The report is divided into three sections, dealing with high-risk customers including PEPs, correspondent banking and wire transfers. Each section contains examples of matters that gave the FSA concern, as well as examples of good practice and poor practice.

Some of these examples associated with high-risk customers include:

  • At two banks, the MLROs could not explain their PEP definition;
  • One bank considered several higher risk countries as “low risk” because they had “lots of dealings” with them;
  • At another bank, relationships with customers in a higher risk country were exempt from country risk assessment simply because the bank’s parent had a presence in the higher risk country;
  • At other banks, sectors normally associated with increased corruption risks such as extractive industries and pharmaceuticals were classified as low risk because these sectors were “regulated”;
  • One bank with many high-risk customer relationships changed the status of many relationships from low risk to high risk one month before the FSA visit;
  • At one bank, a customer who was the subject of allegations of corruption was classified as low risk simply because he came from a low-risk country;
  • The FSA reviewed over 100 high-risk or PEP customer files at the private banking arm of a major banking group. It found that around 25 percent of these accounts had seriously deficient identification and verification documentation or none at all;
  • At one bank, it appeared that many new clients were introduced by the bank’s CEO, and that relevant staff did not question his judgement of these clients’ integrity;
  • Three banks added relevant information to their CDD files for the first time shortly before the FSA visit;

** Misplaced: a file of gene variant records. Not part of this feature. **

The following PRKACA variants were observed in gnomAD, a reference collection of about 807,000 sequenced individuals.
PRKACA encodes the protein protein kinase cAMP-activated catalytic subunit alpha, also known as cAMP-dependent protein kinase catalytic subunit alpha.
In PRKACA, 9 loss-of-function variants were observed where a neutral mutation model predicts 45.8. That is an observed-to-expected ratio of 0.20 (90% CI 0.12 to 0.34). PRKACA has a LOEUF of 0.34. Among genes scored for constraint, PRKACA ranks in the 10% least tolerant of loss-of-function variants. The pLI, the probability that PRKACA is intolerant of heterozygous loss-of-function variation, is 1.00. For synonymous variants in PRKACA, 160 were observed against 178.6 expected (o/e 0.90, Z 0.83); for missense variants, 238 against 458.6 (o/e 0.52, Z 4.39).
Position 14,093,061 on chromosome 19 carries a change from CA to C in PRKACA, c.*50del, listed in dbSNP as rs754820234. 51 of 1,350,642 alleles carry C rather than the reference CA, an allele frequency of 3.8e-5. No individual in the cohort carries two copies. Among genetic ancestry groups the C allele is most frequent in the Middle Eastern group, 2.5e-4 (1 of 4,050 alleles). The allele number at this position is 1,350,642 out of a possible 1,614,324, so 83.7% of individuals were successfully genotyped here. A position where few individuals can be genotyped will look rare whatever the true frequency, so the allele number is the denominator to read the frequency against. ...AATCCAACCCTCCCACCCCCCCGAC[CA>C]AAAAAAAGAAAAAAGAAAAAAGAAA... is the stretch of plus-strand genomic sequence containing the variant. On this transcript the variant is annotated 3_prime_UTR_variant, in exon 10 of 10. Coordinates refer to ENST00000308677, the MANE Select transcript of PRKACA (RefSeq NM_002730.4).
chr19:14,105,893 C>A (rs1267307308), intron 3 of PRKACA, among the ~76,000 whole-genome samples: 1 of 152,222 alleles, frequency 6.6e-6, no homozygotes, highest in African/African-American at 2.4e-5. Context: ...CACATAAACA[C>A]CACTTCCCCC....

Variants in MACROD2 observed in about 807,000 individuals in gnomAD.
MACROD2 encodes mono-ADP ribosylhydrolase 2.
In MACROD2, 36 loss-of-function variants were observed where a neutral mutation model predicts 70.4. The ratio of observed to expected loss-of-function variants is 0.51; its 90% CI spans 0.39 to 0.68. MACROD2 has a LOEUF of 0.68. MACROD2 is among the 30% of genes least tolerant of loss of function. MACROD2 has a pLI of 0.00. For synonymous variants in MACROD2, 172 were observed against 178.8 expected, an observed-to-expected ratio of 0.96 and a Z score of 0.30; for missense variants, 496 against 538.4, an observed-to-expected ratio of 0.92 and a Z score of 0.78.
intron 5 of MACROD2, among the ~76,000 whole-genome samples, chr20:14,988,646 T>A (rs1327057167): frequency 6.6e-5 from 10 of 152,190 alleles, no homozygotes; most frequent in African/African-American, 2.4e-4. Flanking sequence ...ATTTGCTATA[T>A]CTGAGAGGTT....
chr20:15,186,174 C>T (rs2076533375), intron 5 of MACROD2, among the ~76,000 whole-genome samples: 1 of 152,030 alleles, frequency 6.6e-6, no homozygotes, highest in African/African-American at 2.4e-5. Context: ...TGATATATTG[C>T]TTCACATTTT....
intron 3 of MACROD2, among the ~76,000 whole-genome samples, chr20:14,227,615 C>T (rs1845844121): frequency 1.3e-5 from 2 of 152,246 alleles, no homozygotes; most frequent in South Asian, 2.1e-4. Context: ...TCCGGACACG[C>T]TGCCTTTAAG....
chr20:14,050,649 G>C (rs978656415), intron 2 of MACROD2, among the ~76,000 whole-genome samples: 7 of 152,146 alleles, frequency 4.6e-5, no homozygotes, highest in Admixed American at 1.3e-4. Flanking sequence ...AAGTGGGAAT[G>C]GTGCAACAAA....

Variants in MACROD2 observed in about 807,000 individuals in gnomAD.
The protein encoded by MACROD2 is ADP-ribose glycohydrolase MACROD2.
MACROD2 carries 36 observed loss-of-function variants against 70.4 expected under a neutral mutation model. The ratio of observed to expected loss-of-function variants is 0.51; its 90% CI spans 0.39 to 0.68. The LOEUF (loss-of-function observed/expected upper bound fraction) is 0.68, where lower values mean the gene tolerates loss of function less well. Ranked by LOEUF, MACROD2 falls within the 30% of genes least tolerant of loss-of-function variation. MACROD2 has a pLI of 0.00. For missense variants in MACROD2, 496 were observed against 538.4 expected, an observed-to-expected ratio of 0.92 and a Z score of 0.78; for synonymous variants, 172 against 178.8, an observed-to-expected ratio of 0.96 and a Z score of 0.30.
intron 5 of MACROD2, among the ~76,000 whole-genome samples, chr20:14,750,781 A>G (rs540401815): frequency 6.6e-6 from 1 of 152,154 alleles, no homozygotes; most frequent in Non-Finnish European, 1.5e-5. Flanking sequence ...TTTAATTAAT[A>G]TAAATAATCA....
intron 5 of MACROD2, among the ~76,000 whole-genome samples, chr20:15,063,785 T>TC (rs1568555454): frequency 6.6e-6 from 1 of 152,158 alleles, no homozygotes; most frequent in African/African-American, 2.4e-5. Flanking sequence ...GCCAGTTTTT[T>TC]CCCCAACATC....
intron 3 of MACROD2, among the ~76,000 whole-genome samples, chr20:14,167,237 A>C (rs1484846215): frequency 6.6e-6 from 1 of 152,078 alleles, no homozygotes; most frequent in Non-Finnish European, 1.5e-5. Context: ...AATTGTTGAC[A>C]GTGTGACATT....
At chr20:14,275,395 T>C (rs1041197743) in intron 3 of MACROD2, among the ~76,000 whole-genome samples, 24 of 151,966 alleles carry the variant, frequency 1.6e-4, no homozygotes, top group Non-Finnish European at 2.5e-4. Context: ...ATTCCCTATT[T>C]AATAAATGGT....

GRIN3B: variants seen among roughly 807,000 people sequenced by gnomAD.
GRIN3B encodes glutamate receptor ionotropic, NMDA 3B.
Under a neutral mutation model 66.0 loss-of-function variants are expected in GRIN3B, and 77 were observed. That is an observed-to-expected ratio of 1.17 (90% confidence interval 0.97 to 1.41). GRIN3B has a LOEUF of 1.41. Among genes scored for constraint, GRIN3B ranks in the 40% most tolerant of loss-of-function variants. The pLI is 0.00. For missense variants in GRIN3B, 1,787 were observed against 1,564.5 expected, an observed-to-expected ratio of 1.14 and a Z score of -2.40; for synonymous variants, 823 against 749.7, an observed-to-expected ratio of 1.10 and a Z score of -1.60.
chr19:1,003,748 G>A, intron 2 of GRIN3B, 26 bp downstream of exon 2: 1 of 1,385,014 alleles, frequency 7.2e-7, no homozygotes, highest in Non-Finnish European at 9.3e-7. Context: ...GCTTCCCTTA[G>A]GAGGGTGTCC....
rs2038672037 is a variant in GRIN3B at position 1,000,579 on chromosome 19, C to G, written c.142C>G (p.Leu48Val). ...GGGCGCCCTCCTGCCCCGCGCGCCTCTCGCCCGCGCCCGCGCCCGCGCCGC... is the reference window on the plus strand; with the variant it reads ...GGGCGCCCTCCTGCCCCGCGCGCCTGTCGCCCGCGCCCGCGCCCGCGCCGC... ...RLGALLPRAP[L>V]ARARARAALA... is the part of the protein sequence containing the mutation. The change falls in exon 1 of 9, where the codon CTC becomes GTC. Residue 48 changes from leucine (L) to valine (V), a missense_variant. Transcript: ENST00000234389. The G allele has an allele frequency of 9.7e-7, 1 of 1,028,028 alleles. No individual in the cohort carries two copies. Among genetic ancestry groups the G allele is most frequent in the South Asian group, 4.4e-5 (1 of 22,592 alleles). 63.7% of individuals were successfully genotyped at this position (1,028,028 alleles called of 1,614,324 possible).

• One bank held an account for a corporate customer whose nominal beneficial owner changed frequently and without explanation. The bank did not carry out sufficient CDD to ensure there was no money-laundering risk associated with these changes;
  • One bank dispensed with CDD measures and instead relied on the Deputy MLRO “knowing everyone” locally;
  • In one email exchange, where a London based Compliance Officer attempted to follow up allegations of corruption surrounding a customer’s wealth, the relationship manager (RM) wrote that “I don’t know where the funds are coming from as I didn’t know her at the time, but they are definitely hers”;
  • The UK branch of a foreign bank charged RMs’ business units for commissioning intelligence reports. The FSA found evidence on files that, as a result, RMs often decided against commissioning these reports;
  • At one major bank’s private wealth arm, the FSA reviewed a large selection of PEP customer files. The application forms had a money- laundering section where the risk was rated as low, medium or high. Almost all the files the FSA reviewed were ticked low – even when the files contained references to serious corruption allegations;
  • At more than a third of banks in the FSA sample, committee minutes and other records of senior management approval for high risk customers were vague and did not contain sufficient detail about discussions on AML risk. In some cases, it was unclear whether serious allegations about customers had been considered at all;
  • In one bank, a member of the AML team had signed off very high-risk relationships despite knowledge of considerable negative information about the customer. In one email, he wrote “In my view, provided there is sufficient business to justify the risk then I am happy to recommend we proceed”;
  • One MLRO told the FSA that he could not see the value in collecting CDD information because customers would be taken on even if they were subject to serious allegations of criminal activity; and